A Royal Navy ship is on its way to the Gulf of Guinea, in constant concern for safety.
HMS Trent sets sail for West Africa. The patroller will visit Nigeria, Ghana, Senegal, Gambia and Cape Verde. It will also participate in a multinational training plan, Exercise Grand African Nemo, led by France.
The ship will conduct security patrols and training.
British Armed Forces Minister James Heappey hailed the deployment of the River Class Patrol Ship. “It shows how a truly global Britain is stepping up on the world stage to address common international security challenges,” he said.
“Working hand-in-hand with our allies, we are using our forward-deployed armed forces to tackle threats at the source, making the world a safer place for everyone. “
The deployment demonstrates the UK’s commitment to the region, which records £ 6 billion in UK trade annually.
HMS Trent also has a contingent of Royal Marines, 42 Commando. The Marines will participate in training on skills such as boarding and search, evidence handling and medical skills.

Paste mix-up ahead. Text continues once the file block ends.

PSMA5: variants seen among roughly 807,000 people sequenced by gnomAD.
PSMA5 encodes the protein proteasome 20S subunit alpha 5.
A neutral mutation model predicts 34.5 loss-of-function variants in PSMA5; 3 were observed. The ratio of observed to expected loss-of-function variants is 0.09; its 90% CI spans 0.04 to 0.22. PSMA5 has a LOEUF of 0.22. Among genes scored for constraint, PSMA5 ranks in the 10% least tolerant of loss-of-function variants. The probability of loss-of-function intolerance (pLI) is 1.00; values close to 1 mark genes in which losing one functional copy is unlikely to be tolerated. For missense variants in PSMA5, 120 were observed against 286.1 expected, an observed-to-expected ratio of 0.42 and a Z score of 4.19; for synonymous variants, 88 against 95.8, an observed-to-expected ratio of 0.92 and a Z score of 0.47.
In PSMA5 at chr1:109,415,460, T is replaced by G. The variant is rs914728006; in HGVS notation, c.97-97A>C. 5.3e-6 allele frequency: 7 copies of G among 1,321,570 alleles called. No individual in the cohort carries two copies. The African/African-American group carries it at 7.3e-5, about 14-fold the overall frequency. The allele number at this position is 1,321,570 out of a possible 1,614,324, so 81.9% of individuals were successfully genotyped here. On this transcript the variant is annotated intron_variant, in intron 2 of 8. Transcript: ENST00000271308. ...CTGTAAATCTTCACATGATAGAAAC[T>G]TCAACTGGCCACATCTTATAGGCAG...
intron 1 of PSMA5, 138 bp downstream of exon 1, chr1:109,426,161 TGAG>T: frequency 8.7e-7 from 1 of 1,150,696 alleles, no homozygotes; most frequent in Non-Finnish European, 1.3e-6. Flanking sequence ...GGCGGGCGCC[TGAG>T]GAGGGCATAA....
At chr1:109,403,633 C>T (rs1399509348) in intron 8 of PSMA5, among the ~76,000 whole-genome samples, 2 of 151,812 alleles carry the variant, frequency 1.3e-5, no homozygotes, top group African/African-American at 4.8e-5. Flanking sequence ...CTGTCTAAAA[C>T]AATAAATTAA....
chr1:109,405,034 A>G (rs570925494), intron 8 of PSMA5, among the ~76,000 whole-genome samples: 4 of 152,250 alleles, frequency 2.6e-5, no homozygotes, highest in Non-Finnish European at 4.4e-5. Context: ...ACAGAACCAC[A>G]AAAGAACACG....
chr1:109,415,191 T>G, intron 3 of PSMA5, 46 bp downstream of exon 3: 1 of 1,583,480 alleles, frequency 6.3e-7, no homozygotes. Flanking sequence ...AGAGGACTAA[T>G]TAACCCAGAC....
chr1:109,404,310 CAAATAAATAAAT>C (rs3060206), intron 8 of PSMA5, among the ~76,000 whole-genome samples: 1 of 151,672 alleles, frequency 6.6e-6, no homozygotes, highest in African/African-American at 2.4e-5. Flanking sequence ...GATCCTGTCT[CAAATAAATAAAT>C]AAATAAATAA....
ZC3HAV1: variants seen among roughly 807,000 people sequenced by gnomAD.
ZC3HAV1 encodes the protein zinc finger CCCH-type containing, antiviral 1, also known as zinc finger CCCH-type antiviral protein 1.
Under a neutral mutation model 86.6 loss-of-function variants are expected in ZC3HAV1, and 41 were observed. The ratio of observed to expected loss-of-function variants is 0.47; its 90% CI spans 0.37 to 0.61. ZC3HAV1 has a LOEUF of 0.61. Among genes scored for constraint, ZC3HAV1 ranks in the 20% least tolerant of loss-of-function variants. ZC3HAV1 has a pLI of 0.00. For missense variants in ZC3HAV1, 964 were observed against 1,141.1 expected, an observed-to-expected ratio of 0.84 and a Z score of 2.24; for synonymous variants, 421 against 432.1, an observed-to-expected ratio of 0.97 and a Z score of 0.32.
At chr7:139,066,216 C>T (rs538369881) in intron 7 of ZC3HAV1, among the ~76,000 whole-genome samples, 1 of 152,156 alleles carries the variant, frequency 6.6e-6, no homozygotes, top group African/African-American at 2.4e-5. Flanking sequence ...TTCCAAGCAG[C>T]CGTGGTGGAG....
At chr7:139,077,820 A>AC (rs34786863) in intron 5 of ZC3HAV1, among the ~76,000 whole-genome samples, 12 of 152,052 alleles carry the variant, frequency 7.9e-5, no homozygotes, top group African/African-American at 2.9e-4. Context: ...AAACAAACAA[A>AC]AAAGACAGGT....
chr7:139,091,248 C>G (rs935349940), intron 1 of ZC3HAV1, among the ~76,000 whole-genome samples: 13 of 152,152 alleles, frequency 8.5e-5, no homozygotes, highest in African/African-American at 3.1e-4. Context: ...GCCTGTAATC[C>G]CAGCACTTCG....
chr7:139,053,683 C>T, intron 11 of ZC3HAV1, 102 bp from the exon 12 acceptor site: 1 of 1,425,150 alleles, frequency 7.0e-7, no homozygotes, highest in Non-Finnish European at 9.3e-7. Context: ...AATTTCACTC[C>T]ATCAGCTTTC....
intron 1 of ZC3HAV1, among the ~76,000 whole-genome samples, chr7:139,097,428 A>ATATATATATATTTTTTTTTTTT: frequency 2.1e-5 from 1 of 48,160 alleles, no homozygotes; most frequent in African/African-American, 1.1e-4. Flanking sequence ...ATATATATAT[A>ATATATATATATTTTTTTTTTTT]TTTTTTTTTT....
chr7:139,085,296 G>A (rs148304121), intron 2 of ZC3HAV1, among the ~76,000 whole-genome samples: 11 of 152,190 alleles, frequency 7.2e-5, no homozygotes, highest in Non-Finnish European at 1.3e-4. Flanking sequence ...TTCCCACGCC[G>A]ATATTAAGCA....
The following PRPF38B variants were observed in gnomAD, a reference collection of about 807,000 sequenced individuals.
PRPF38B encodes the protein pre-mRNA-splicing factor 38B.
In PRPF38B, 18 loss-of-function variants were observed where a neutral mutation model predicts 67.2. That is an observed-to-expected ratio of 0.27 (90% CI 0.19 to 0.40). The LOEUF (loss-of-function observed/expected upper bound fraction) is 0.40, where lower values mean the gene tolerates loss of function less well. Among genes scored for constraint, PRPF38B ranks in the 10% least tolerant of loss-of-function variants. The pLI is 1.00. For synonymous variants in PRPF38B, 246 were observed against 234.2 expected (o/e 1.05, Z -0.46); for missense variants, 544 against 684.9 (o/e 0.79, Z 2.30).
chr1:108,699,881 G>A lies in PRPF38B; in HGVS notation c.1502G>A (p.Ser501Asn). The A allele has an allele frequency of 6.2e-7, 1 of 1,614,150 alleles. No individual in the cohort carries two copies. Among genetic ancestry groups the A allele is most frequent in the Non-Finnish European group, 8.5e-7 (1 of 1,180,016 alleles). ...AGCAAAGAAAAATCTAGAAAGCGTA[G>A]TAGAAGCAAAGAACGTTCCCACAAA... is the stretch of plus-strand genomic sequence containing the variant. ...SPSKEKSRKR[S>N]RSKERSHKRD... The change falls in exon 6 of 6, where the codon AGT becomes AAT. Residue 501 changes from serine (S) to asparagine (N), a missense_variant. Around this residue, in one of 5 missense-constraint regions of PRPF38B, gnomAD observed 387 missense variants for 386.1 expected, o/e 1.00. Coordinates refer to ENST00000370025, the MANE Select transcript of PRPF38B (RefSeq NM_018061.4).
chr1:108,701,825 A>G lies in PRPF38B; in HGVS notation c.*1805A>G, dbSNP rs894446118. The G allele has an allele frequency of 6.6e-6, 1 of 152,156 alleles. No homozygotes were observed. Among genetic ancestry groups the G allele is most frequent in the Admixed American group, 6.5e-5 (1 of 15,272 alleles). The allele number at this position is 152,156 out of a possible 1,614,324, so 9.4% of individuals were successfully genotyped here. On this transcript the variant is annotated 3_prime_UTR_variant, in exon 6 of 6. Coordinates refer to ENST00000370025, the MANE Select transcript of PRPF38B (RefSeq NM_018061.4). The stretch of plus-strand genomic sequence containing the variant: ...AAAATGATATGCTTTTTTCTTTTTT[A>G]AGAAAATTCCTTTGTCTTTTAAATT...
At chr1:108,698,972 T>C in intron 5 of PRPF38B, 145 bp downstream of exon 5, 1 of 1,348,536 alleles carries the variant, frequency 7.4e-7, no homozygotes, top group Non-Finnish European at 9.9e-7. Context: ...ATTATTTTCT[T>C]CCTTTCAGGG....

Commander Thomas Knott said the visit was an “important return to the region”, demonstrating commitment to maritime security.
“We look forward to working with regional partners and also engaging with local communities in an effort to strengthen security,” he said.
HMS Trent made preparations for the visit to Gibraltar this week. He will participate in the G7 ++ conference of the Friends of the Gulf of Guinea (FoGG) in Dakar. The United Kingdom co-chairs with Senegal.
France has often taken the initiative to ensure security in West Africa. It usually has one or two ships in the area, as part of Operation Corymbe.
Denmark plans to send a frigate, the Esbern Snare, to the Gulf of Guinea in November for five months. The country underlined the importance of maritime safety and the need to protect “Danish interests, as well as Danish and international shipping”.
Italy sent its Nave Marceglia to the Gulf of Guinea in September.
The European Union launched its concept of coordinated maritime presences for the Gulf of Guinea in January this year.
According to the United Nations Office on Drugs and Crime (UNODC), there are six groups of pirates capable of operating in the region’s deep waters.
Local will is also focused on improving safety.
Nigerian President Muhammadu Buhari noted the progress of the country’s Deep Blue project in a recent speech. The plan aims to improve offshore security. “I am happy to inform the Nigerians that we have taken delivery of the key assets for this project and very soon its impact will be felt,” he said.